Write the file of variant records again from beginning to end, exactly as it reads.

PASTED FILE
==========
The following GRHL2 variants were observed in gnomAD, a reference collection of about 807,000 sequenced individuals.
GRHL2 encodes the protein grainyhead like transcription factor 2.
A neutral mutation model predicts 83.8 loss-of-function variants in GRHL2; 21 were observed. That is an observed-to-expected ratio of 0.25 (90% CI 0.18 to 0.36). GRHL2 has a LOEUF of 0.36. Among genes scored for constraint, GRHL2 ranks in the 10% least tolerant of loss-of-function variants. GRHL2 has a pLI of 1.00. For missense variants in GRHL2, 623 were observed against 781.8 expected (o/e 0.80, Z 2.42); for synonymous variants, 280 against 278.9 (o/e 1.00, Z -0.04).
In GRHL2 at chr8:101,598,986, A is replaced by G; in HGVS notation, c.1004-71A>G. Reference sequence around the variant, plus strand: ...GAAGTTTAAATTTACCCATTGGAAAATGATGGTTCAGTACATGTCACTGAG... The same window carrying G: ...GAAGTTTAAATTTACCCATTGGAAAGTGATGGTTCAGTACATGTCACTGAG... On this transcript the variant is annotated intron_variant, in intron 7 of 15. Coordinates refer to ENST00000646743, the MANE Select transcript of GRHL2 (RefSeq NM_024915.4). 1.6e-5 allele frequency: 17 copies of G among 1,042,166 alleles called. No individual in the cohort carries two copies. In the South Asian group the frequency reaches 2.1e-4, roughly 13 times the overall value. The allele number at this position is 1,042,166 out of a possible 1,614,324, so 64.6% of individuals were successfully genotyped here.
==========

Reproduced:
The following GRHL2 variants were observed in gnomAD, a reference collection of about 807,000 sequenced individuals.
GRHL2 encodes the protein grainyhead like transcription factor 2.
A neutral mutation model predicts 83.8 loss-of-function variants in GRHL2; 21 were observed. That is an observed-to-expected ratio of 0.25 (90% CI 0.18 to 0.36). GRHL2 has a LOEUF of 0.36. Among genes scored for constraint, GRHL2 ranks in the 10% least tolerant of loss-of-function variants. GRHL2 has a pLI of 1.00. For missense variants in GRHL2, 623 were observed against 781.8 expected (o/e 0.80, Z 2.42); for synonymous variants, 280 against 278.9 (o/e 1.00, Z -0.04).
In GRHL2 at chr8:101,598,986, A is replaced by G; in HGVS notation, c.1004-71A>G. Reference sequence around the variant, plus strand: ...GAAGTTTAAATTTACCCATTGGAAAATGATGGTTCAGTACATGTCACTGAG... The same window carrying G: ...GAAGTTTAAATTTACCCATTGGAAAGTGATGGTTCAGTACATGTCACTGAG... On this transcript the variant is annotated intron_variant, in intron 7 of 15. Coordinates refer to ENST00000646743, the MANE Select transcript of GRHL2 (RefSeq NM_024915.4). 1.6e-5 allele frequency: 17 copies of G among 1,042,166 alleles called. No individual in the cohort carries two copies. In the South Asian group the frequency reaches 2.1e-4, roughly 13 times the overall value. The allele number at this position is 1,042,166 out of a possible 1,614,324, so 64.6% of individuals were successfully genotyped here.